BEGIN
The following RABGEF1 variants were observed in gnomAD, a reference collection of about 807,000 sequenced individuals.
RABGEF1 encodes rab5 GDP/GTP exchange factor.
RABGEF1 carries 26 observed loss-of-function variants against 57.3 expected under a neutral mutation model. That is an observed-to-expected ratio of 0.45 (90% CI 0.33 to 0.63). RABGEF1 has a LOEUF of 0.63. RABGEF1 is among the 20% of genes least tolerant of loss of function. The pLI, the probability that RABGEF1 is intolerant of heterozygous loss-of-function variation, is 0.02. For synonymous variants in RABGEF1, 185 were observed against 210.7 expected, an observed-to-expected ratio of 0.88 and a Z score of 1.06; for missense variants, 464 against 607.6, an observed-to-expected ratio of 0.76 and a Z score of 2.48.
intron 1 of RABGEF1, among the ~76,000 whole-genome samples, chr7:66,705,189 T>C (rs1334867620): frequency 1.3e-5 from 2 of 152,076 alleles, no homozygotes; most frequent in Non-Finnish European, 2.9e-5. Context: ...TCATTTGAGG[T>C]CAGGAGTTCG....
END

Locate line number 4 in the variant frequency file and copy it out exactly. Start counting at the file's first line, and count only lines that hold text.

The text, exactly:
intron 1 of RABGEF1, among the ~76,000 whole-genome samples, chr7:66,705,189 T>C (rs1334867620): frequency 1.3e-5 from 2 of 152,076 alleles, no homozygotes; most frequent in Non-Finnish European, 2.9e-5. Context: ...TCATTTGAGG[T>C]CAGGAGTTCG....